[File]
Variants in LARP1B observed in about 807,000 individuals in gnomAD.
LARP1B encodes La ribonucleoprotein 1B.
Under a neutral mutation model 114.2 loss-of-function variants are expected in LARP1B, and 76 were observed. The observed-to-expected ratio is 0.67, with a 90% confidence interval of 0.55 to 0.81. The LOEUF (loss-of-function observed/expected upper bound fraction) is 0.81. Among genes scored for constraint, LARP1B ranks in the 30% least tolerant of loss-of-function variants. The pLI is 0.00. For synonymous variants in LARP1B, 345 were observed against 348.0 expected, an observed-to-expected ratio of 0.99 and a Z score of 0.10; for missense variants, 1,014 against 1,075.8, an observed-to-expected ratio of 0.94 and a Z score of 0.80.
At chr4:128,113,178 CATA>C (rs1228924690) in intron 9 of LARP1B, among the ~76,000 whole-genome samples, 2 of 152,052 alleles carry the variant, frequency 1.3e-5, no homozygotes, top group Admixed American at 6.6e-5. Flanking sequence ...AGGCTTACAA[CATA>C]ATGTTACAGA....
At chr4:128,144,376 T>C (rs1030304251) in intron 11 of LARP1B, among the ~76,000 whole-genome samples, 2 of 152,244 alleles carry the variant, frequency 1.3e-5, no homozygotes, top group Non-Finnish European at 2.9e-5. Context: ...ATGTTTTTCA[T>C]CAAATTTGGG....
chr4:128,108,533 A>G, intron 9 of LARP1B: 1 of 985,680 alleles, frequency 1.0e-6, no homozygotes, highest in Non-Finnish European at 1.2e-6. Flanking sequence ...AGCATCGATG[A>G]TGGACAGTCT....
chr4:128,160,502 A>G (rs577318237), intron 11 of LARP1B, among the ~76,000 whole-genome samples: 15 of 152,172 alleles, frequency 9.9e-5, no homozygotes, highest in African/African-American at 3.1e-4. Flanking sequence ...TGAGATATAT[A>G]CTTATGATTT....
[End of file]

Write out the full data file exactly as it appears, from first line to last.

Variants in LARP1B observed in about 807,000 individuals in gnomAD.
LARP1B encodes La ribonucleoprotein 1B.
Under a neutral mutation model 114.2 loss-of-function variants are expected in LARP1B, and 76 were observed. The observed-to-expected ratio is 0.67, with a 90% confidence interval of 0.55 to 0.81. The LOEUF (loss-of-function observed/expected upper bound fraction) is 0.81. Among genes scored for constraint, LARP1B ranks in the 30% least tolerant of loss-of-function variants. The pLI is 0.00. For synonymous variants in LARP1B, 345 were observed against 348.0 expected, an observed-to-expected ratio of 0.99 and a Z score of 0.10; for missense variants, 1,014 against 1,075.8, an observed-to-expected ratio of 0.94 and a Z score of 0.80.
At chr4:128,113,178 CATA>C (rs1228924690) in intron 9 of LARP1B, among the ~76,000 whole-genome samples, 2 of 152,052 alleles carry the variant, frequency 1.3e-5, no homozygotes, top group Admixed American at 6.6e-5. Flanking sequence ...AGGCTTACAA[CATA>C]ATGTTACAGA....
At chr4:128,144,376 T>C (rs1030304251) in intron 11 of LARP1B, among the ~76,000 whole-genome samples, 2 of 152,244 alleles carry the variant, frequency 1.3e-5, no homozygotes, top group Non-Finnish European at 2.9e-5. Context: ...ATGTTTTTCA[T>C]CAAATTTGGG....
chr4:128,108,533 A>G, intron 9 of LARP1B: 1 of 985,680 alleles, frequency 1.0e-6, no homozygotes, highest in Non-Finnish European at 1.2e-6. Flanking sequence ...AGCATCGATG[A>G]TGGACAGTCT....
chr4:128,160,502 A>G (rs577318237), intron 11 of LARP1B, among the ~76,000 whole-genome samples: 15 of 152,172 alleles, frequency 9.9e-5, no homozygotes, highest in African/African-American at 3.1e-4. Flanking sequence ...TGAGATATAT[A>G]CTTATGATTT....